The cost to connect every UK household to an ultra-fast, fiber-based broadband network could be up to 28.8 billion pounds (â‚¬35.8 billion), a Dow Jones report said.
The Dow Jones report further quoted the Broadband Stakeholder Group (BSG) saying that rolling out fiber to the cabinet (FCCH), in which the very last part of the broadband connection from the street cabinet to the home uses existing copper wires, could cost substantially less, at around 5.1 billion pounds (â‚¬6.35 billion), but would only allow download speeds of between 30Mbps and 100Mbps.
BSG has produced a report which will inform a government review into next generation broadband.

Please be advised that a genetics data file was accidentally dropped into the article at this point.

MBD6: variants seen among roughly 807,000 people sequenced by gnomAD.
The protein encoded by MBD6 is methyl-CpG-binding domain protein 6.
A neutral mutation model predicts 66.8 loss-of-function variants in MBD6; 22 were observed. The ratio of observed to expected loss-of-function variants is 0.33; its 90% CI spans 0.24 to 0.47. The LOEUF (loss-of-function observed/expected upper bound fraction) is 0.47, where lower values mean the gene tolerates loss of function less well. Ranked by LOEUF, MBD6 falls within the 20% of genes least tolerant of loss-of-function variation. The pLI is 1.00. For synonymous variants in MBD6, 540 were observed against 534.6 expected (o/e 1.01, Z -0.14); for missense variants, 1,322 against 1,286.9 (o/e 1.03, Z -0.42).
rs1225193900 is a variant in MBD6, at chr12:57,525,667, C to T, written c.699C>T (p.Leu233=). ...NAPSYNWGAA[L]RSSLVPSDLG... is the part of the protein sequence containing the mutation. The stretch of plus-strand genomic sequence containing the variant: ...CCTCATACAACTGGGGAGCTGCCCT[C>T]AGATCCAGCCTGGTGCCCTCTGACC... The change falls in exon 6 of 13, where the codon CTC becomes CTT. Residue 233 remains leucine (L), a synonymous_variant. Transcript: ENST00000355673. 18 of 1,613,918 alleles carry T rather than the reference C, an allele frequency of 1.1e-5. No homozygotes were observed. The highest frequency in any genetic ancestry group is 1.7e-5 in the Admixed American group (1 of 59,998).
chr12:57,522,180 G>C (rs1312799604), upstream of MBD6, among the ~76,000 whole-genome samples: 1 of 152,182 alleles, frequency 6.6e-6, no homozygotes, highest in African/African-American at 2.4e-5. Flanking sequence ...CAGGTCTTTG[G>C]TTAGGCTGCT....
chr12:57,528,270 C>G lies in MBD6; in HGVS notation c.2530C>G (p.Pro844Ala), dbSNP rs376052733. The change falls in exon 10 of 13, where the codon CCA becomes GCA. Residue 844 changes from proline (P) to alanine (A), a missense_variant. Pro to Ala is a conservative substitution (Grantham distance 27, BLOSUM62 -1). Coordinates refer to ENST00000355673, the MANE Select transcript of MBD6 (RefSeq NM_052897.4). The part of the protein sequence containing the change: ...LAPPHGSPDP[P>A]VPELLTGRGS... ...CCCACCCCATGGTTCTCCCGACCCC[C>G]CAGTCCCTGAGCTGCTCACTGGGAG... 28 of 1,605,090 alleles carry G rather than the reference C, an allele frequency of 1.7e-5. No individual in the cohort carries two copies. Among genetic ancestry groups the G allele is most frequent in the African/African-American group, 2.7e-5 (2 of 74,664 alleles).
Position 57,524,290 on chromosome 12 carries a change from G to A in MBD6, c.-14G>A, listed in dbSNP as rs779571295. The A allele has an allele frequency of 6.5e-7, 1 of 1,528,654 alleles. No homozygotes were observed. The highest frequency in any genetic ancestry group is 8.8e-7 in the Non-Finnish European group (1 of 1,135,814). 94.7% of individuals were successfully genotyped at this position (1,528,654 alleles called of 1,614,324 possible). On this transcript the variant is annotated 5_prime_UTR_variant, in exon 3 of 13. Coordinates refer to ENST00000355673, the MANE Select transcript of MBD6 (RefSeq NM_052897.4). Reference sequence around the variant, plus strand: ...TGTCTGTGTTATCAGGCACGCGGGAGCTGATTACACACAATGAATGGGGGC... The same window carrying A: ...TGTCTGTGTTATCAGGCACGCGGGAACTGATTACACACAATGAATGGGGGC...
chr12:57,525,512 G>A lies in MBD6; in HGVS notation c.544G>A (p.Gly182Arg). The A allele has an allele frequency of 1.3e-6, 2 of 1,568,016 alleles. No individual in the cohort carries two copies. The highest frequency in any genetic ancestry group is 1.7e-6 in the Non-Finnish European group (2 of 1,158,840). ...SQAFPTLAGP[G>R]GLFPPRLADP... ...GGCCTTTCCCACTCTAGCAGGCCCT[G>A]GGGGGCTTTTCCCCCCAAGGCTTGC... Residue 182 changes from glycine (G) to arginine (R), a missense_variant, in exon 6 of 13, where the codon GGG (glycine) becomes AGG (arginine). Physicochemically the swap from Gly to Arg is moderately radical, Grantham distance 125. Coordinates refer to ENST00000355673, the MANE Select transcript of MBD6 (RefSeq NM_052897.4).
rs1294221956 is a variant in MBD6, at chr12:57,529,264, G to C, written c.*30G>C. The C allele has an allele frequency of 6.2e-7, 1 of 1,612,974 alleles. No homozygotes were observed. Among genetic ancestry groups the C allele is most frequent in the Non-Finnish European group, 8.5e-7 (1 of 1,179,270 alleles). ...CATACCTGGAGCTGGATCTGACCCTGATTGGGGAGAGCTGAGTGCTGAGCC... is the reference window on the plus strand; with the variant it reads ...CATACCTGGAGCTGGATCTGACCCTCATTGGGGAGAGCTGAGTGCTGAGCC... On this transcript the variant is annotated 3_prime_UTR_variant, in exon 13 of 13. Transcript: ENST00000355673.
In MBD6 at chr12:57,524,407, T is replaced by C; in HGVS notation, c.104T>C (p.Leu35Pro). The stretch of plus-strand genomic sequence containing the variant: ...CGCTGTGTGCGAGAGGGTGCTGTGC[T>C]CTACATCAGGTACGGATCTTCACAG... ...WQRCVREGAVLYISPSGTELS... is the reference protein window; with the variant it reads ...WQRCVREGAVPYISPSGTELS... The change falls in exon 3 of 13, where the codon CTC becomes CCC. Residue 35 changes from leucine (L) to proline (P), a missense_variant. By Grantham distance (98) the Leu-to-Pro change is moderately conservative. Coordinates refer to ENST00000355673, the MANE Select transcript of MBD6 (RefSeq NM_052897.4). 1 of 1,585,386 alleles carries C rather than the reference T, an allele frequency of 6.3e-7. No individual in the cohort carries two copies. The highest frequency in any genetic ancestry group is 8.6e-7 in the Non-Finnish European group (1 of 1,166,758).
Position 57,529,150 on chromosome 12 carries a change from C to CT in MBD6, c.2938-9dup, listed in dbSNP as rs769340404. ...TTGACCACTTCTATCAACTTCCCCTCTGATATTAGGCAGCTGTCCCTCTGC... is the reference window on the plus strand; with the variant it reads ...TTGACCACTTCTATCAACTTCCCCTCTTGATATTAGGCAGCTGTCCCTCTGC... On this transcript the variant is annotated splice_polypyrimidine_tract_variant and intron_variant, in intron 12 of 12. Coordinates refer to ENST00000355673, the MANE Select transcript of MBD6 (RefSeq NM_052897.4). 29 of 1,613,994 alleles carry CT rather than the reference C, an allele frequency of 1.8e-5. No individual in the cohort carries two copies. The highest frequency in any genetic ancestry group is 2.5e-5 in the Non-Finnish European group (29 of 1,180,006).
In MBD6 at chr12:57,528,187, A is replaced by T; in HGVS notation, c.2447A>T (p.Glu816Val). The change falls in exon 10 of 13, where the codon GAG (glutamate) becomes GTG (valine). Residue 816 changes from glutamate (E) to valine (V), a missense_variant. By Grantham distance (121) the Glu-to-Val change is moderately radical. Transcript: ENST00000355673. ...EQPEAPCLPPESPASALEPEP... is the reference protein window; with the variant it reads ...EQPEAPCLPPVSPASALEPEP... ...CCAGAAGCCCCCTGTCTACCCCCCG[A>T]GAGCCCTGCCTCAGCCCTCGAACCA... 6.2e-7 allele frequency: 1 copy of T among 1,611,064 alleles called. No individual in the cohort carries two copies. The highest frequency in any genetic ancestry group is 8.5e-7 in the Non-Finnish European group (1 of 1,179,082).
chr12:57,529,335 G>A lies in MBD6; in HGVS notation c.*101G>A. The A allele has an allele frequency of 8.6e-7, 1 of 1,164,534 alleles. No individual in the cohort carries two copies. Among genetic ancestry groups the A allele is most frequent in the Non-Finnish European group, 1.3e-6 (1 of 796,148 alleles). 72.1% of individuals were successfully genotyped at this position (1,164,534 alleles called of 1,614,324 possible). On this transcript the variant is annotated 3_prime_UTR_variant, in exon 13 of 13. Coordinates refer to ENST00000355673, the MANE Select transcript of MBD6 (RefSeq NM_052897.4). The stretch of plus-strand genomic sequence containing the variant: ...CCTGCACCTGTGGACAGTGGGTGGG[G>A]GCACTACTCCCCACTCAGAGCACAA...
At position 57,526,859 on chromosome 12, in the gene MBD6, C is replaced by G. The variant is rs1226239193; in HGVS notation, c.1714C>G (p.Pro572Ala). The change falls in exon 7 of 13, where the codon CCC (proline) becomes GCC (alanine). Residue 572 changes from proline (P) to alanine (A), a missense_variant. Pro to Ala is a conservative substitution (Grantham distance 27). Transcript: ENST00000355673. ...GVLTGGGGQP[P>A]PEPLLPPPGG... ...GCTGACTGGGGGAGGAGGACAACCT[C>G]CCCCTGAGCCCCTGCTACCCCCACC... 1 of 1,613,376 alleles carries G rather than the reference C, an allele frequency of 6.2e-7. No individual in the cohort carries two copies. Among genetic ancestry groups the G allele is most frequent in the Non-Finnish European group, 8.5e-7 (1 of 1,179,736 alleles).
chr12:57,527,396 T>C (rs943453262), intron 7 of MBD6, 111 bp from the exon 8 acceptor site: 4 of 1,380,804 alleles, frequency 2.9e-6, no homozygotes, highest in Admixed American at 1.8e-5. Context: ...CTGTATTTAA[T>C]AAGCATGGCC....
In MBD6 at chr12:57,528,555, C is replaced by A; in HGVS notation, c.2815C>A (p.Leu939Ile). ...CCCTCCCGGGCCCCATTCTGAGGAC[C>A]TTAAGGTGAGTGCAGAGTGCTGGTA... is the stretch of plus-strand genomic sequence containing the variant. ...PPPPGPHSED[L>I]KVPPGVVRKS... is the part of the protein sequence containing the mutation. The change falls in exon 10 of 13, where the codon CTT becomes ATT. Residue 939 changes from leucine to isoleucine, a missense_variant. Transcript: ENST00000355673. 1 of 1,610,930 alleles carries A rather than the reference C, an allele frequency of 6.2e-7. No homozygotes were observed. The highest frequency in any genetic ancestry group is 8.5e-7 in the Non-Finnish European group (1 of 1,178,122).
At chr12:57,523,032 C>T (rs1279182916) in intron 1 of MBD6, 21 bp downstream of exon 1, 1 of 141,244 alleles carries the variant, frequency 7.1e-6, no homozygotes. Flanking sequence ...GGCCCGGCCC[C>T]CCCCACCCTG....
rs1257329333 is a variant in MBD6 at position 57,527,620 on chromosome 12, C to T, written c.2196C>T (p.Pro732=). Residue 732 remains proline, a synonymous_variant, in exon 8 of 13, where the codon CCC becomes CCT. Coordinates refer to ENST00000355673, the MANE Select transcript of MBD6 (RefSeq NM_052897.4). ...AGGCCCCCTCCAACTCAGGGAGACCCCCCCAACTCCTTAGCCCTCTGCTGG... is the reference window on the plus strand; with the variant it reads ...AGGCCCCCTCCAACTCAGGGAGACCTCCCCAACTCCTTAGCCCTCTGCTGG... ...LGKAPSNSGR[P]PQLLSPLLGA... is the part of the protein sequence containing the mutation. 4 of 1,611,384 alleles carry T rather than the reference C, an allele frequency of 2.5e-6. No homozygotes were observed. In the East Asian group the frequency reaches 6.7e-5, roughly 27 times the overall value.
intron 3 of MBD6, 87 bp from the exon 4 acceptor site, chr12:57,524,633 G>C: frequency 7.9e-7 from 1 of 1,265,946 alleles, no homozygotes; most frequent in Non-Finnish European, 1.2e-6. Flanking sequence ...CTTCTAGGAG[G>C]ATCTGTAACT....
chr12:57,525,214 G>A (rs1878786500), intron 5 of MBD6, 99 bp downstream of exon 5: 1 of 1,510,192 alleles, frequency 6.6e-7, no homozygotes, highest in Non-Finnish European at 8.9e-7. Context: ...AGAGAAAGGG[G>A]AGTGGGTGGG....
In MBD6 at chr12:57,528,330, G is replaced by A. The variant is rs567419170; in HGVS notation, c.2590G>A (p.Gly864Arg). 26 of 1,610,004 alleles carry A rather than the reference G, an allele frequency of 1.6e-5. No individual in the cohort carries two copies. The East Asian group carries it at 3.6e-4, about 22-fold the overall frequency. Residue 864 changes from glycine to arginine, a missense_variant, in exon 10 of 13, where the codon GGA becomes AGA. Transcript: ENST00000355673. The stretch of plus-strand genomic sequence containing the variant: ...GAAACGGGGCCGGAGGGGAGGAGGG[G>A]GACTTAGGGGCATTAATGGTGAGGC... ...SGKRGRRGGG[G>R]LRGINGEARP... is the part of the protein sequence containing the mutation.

Taking fiber right to the home (FTTH), however, could cost up to 28.8 billion pounds (â‚¬35.8 billion) depending on the technology used and would allow broadband speeds of up to 1Gbps, around 1,000 times faster than average 1Mbps download speed available on the current network, the majority of which is copper-wire based, the Dow Jones report also said.
The report also found that the cost of deploying fiber in rural areas will be significantly higher than in urban, high-density areas.
Despite the high costs, the BSG has said in a previous report into next generation broadband that the economic and social benefits are expected to outweigh the initial financial outlay.
The economies of deployment in the UK are still being debated by the main players, including communications regulator Ofcom, former UK incumbent fixed-line operator BT Group PLC, cable company Virgin Media, which already has a fibre network, and H20 Networks, the Dow Jones report further said.